Bouvet Island — Remotest Island Of The World

So many great islands to vacation to, wouldn’t it be wonderful if we could book a flight to a remote island and enjoy some peace and quiet, maybe the remotest island in the world. Even though this does sound wonderful the remotest island in the world would not exactly be a great run away destination. Bouvet Island is the remotest island in the world; it is located at a very southern point in the Atlantic Ocean. The entirety of the 19 square miles is indeed desolate.

The original discovery can be traced back to Jean-Baptiste Charles Bouvet de Lozier in 1739; however no one was able to find it due to his inaccurately recorded coordinates. Therefore it was not stumbled across until 1808 when James Lindsay, a British whaler found it and named it Lindsay Island. In 1825 it was named Liverpool Island when the whaler Captain Norris found it. In 1927 Norway floated around the island for a month before claiming it. There were several disputes over the next century as to who the island belonged to. In 1930 it was decided to be a Norwegian dependency. In 1971 the name and credit of discovery was properly given to Jean-Baptiste.

Photo of Cape Valdivia, Bouvet Island, Norwegian uninhabited island in the South Atlantic Ocean. The image is mirrored

There is no population because there would be no way to sustain life on such a frozen land. The closest lands to Bouvet are more than 1000 miles away. Queen Maud Land of Antarctica is just over 1,000 miles and Cape Town is about 1600 miles away. Therefore living off of this island and depending on shipments could be quite the challenge.

Bouvet Island is a frozen inactive volcano. The majority of the island is covered by a glacier! The island is in the Antarctic region of the map therefore far too cold to enjoy the human-less environment on a vacation. 93% of the island is covered in ice and the coast is almost entirely inaccessible. Due to its inaccessibility not many have been able to actually explore the land.

The best way to gain access to the island is to fly a helicopter from a ship and gently land on the slippery surface of Bovet. Apparently the glacier does not seem to be the issue with exploration it is simply the jagged edges of the coast line that explorers cannot get past.

There are stories of a 1964 African expedition making it onto land, spending less than an hour exploring, and discovering what appeared to be a whaler’s life boat. There were never any questions answered about how the boat would have gotten onto the land or where it came from. There were supplies in the boat yet the travelers who were brought by this boat were never found. So many questions were asked about the boat no answers were found, neither was the boat after the one expedition.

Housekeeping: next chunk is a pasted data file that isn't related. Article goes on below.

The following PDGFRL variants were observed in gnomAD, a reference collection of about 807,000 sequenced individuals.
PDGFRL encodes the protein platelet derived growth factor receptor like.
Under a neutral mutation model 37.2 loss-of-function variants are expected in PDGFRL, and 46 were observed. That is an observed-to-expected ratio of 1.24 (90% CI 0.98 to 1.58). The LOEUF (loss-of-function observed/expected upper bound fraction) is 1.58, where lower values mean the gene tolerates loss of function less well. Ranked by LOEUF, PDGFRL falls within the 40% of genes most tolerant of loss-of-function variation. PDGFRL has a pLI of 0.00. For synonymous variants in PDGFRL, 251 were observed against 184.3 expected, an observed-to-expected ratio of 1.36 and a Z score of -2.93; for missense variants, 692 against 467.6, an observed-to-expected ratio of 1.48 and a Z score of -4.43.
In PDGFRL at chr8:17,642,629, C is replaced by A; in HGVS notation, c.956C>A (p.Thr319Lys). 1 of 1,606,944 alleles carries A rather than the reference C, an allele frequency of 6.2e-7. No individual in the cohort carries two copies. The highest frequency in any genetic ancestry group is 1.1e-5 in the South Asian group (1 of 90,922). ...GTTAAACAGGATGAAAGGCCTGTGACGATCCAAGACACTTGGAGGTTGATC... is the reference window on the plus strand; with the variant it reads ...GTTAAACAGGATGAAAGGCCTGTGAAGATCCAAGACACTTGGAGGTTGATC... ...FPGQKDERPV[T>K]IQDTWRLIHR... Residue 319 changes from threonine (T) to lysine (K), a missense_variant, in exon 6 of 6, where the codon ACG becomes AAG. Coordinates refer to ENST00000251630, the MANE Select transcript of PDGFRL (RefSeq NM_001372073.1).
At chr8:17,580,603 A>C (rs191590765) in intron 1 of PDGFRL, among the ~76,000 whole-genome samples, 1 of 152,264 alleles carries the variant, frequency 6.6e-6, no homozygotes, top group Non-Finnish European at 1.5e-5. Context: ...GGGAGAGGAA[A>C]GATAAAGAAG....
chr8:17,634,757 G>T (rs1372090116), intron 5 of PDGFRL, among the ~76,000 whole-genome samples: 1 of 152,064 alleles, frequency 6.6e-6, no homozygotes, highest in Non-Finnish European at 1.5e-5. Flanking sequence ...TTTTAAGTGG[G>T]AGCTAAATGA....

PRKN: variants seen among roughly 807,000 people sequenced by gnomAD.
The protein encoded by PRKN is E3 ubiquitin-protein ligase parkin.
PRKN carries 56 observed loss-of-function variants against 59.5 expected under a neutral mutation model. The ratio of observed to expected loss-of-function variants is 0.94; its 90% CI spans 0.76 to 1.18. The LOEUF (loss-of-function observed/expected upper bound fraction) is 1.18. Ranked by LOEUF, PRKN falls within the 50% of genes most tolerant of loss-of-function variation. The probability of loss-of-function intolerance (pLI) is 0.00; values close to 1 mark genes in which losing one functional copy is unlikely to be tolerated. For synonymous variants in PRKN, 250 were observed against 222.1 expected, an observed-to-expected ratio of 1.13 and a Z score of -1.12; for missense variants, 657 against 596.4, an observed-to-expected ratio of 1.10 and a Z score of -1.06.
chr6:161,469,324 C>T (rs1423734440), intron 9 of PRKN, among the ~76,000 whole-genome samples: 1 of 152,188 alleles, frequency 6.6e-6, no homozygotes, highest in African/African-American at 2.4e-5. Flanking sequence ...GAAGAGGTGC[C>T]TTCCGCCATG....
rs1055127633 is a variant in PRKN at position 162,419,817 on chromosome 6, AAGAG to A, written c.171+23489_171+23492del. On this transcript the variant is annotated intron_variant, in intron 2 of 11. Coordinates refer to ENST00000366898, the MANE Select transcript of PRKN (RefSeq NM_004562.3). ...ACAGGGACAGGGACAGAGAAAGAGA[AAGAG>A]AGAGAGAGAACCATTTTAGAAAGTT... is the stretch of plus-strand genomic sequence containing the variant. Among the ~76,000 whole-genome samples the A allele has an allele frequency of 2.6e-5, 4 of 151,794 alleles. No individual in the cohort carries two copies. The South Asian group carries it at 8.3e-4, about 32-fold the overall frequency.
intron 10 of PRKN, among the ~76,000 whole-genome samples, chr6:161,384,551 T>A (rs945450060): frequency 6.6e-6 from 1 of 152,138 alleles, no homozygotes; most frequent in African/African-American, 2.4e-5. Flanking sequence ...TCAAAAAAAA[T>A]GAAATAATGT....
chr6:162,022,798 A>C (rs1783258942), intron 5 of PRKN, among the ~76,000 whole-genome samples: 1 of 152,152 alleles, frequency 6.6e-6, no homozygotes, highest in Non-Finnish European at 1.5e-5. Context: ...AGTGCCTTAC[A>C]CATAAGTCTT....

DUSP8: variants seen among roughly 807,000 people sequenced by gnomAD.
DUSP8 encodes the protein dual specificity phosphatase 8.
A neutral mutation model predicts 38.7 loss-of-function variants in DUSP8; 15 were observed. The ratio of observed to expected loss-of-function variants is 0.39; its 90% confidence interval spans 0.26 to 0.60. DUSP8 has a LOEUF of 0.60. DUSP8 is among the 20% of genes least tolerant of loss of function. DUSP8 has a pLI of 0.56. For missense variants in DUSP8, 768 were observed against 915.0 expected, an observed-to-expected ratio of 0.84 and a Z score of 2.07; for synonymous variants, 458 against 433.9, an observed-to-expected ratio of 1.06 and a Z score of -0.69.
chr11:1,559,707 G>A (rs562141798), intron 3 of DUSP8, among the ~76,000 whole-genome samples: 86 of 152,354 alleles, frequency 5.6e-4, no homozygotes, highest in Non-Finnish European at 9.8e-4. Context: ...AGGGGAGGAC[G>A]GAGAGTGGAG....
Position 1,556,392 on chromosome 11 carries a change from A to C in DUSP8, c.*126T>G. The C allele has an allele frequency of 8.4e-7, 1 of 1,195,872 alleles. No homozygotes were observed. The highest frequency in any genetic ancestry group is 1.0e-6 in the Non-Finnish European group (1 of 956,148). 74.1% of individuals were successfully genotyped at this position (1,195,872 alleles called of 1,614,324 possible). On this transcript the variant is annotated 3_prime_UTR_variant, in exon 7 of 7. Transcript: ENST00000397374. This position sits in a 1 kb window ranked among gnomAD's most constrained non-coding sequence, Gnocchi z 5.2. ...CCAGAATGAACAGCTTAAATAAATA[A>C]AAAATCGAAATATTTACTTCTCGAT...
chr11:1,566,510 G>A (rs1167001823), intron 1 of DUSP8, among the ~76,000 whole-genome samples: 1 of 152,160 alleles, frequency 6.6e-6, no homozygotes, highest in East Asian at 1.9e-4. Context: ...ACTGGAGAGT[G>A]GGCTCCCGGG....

According to the few who successfully gained access to the land, the vegetation is limited to lichens and mosses. Sea birds, seals, and penguins have been the only inhabitants since its discovery.

Norway has declared Bouvet Island and its adjacent waters a nature reserve therefore its animals and any studies of it is protected. Since 1977 Norway has used the island to study penguins and fur seals, via an automated meteorological station. Even the remotest island has an internet domain of its own, for now Norway says it will not be used.

Bouvet Island 1927

The annexation of the island on 1 December 1927.

Bouvet Island 1929

The first hut, built on Kapp Circoncision, in 1929.

In 1990 scientists, radio operators, and a film crew made a trip to Bouvet Island. A helicopter flew them and their supplies from the ship to the island. The radio operators went to set up communications with the world. While there they managed to contact 50,000 amateur radio operators. The scientists stayed on the ship to map the population of seals and penguins. The film crew of course was there to document the entire stay for movies and TV usage.

In 1994 a field building was constructed, of course by the Norwegians. About 388 square feet container building. In October of 2007 it was announced that via satellite the building was no longer visible. Later it was discovered that an avalanche or landslide wiped the building right off of its foundation.

The movie Alien vs. Predators from 2004 uses Bouvet as its geographical setting. In the unedited version that is available in Norway under the name Bouvetoya the satellite actually focuses in on the island.

Although there are not currently any announced plans for this island there must be something in the works considering there is now radio communications as well as satellite communications, a field building being rebuilt, an internet domain, as well as an established time zone. Only time will tell.

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